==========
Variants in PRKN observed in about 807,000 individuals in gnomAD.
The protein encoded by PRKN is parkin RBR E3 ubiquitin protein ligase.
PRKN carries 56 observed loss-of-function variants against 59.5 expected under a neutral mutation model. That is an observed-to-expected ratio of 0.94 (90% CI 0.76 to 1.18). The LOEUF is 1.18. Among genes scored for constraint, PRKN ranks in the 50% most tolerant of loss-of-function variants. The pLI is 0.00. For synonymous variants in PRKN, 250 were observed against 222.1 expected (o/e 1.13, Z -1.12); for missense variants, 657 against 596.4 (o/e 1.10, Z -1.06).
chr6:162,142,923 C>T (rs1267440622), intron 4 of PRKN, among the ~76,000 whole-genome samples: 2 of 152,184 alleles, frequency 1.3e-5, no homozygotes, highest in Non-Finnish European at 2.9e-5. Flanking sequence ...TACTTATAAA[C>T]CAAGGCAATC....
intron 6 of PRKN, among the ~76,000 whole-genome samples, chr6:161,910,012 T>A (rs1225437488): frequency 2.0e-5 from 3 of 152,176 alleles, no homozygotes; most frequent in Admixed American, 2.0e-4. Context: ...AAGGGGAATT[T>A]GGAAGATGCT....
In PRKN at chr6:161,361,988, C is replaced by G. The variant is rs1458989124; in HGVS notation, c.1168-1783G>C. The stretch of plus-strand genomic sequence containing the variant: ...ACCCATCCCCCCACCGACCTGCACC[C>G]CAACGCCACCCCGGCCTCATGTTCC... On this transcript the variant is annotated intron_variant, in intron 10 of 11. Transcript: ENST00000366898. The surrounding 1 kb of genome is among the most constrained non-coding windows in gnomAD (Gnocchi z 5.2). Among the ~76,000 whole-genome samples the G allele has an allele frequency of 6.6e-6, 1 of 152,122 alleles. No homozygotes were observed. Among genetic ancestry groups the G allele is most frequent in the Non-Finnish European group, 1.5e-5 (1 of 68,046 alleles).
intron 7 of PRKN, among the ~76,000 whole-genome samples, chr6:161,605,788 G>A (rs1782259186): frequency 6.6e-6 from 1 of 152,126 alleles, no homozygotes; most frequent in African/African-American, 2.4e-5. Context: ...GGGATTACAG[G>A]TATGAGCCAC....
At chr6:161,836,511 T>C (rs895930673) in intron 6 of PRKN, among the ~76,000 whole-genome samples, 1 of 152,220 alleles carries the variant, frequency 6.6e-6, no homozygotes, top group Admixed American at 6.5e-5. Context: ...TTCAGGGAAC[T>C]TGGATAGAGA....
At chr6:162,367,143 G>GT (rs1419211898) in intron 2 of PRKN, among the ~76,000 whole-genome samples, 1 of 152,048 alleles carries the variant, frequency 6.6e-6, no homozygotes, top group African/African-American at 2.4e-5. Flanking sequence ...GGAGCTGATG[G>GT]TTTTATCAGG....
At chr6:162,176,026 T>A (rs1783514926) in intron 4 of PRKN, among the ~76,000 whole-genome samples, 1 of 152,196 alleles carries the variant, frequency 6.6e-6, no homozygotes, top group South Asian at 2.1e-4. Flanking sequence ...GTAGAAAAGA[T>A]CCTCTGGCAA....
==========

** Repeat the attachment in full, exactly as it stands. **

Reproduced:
Variants in PRKN observed in about 807,000 individuals in gnomAD.
The protein encoded by PRKN is parkin RBR E3 ubiquitin protein ligase.
PRKN carries 56 observed loss-of-function variants against 59.5 expected under a neutral mutation model. That is an observed-to-expected ratio of 0.94 (90% CI 0.76 to 1.18). The LOEUF is 1.18. Among genes scored for constraint, PRKN ranks in the 50% most tolerant of loss-of-function variants. The pLI is 0.00. For synonymous variants in PRKN, 250 were observed against 222.1 expected (o/e 1.13, Z -1.12); for missense variants, 657 against 596.4 (o/e 1.10, Z -1.06).
chr6:162,142,923 C>T (rs1267440622), intron 4 of PRKN, among the ~76,000 whole-genome samples: 2 of 152,184 alleles, frequency 1.3e-5, no homozygotes, highest in Non-Finnish European at 2.9e-5. Flanking sequence ...TACTTATAAA[C>T]CAAGGCAATC....
intron 6 of PRKN, among the ~76,000 whole-genome samples, chr6:161,910,012 T>A (rs1225437488): frequency 2.0e-5 from 3 of 152,176 alleles, no homozygotes; most frequent in Admixed American, 2.0e-4. Context: ...AAGGGGAATT[T>A]GGAAGATGCT....
In PRKN at chr6:161,361,988, C is replaced by G. The variant is rs1458989124; in HGVS notation, c.1168-1783G>C. The stretch of plus-strand genomic sequence containing the variant: ...ACCCATCCCCCCACCGACCTGCACC[C>G]CAACGCCACCCCGGCCTCATGTTCC... On this transcript the variant is annotated intron_variant, in intron 10 of 11. Transcript: ENST00000366898. The surrounding 1 kb of genome is among the most constrained non-coding windows in gnomAD (Gnocchi z 5.2). Among the ~76,000 whole-genome samples the G allele has an allele frequency of 6.6e-6, 1 of 152,122 alleles. No homozygotes were observed. Among genetic ancestry groups the G allele is most frequent in the Non-Finnish European group, 1.5e-5 (1 of 68,046 alleles).
intron 7 of PRKN, among the ~76,000 whole-genome samples, chr6:161,605,788 G>A (rs1782259186): frequency 6.6e-6 from 1 of 152,126 alleles, no homozygotes; most frequent in African/African-American, 2.4e-5. Context: ...GGGATTACAG[G>A]TATGAGCCAC....
At chr6:161,836,511 T>C (rs895930673) in intron 6 of PRKN, among the ~76,000 whole-genome samples, 1 of 152,220 alleles carries the variant, frequency 6.6e-6, no homozygotes, top group Admixed American at 6.5e-5. Context: ...TTCAGGGAAC[T>C]TGGATAGAGA....
At chr6:162,367,143 G>GT (rs1419211898) in intron 2 of PRKN, among the ~76,000 whole-genome samples, 1 of 152,048 alleles carries the variant, frequency 6.6e-6, no homozygotes, top group African/African-American at 2.4e-5. Flanking sequence ...GGAGCTGATG[G>GT]TTTTATCAGG....
At chr6:162,176,026 T>A (rs1783514926) in intron 4 of PRKN, among the ~76,000 whole-genome samples, 1 of 152,196 alleles carries the variant, frequency 6.6e-6, no homozygotes, top group South Asian at 2.1e-4. Flanking sequence ...GTAGAAAAGA[T>A]CCTCTGGCAA....